“Dangerous Dungeon”: A Political Candidate Uses Penn Station To Fearmonger

Image for article titled "Dangerous Dungeon": A Political Candidate Uses Penn Station To Fearmonger

Photo: Angela Weiss/AFP (Getty Images)

Complaints about Penn Station are nothing new. Anyone who has walked through the much-maligned New York City institution could tell you about the cramped confines, the dimly-lit corridors and all of the signs of disrepair. Some even yearn for the days that Penn Station had a beautifully designed headhouse on Seventh Avenue and didn’t sit underground beneath Madison Square Garden. Though, a candidate for Governor of New York decided to cross a line from protesting about terrible facilities to disparaging people experiencing homelessness within Penn Station.


Representative Tom Suozzi, a Democratic gubernatorial candidate, held a press conference on Wednesday at Penn Station to point out the present state of public transportation across the metropolitan area. Suozzi targeted this public appearance at his primary opponent, Governor Hochul. Kathy Hochul is the state’s first governor from outside the New York City area since 1932. Suozzi represents northeastern Queens and Long Island’s North Shore in Congress and is a lifelong Long Islander.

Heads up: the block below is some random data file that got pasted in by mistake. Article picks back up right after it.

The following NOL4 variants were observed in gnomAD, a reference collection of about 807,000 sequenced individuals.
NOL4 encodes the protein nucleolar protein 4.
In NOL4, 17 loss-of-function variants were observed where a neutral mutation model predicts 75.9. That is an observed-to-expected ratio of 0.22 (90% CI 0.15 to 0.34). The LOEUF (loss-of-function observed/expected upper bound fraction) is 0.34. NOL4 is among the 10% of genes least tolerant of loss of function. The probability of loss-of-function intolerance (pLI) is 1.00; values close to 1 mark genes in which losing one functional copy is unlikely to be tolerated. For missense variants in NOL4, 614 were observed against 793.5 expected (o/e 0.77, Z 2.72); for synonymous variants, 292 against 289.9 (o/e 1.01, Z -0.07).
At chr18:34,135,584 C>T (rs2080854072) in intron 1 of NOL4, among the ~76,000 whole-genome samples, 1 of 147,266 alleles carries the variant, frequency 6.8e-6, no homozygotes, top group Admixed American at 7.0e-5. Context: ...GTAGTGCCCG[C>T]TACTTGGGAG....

While speaking, Tom Suozzi leaned on his experiences commuting into the city on the Long Island Rail Road. Though, he quickly pivoted from the usual Penn Station complaints to demonizing homeless people. He said, “There’s literally people that are using drugs, shooting up right outside. There are people aggressively approaching people right outside of these facilities. It’s a scary place.” While he did cover his bases by stating that the increase in crime wasn’t directly related to the homeless, it was clear what he was trying to imply.

Yes, there has been an increase in subway crime compared to 2020. Though, that’s due to the low ridershipcaused by the coronavirus pandemic. Understandably, crime levels would return to pre-pandemic levels are ridership returns to normal. According to New York City Police Department statistics, 1,581 major felonies were committed on public transit from January to November 2021. 1,626 major felonies were committed in 2020. Pre-pandemic, 2,227 major felonies were committed in 2019. The NYPD’s definition of a major felony includes assault, rape, murder, robbery and burglary.

Winning votes shouldn’t come at the expense of some of the people who need help the most. I would hope that the next Governor of New York would understand that whether they have commuted through Penn Station or not.

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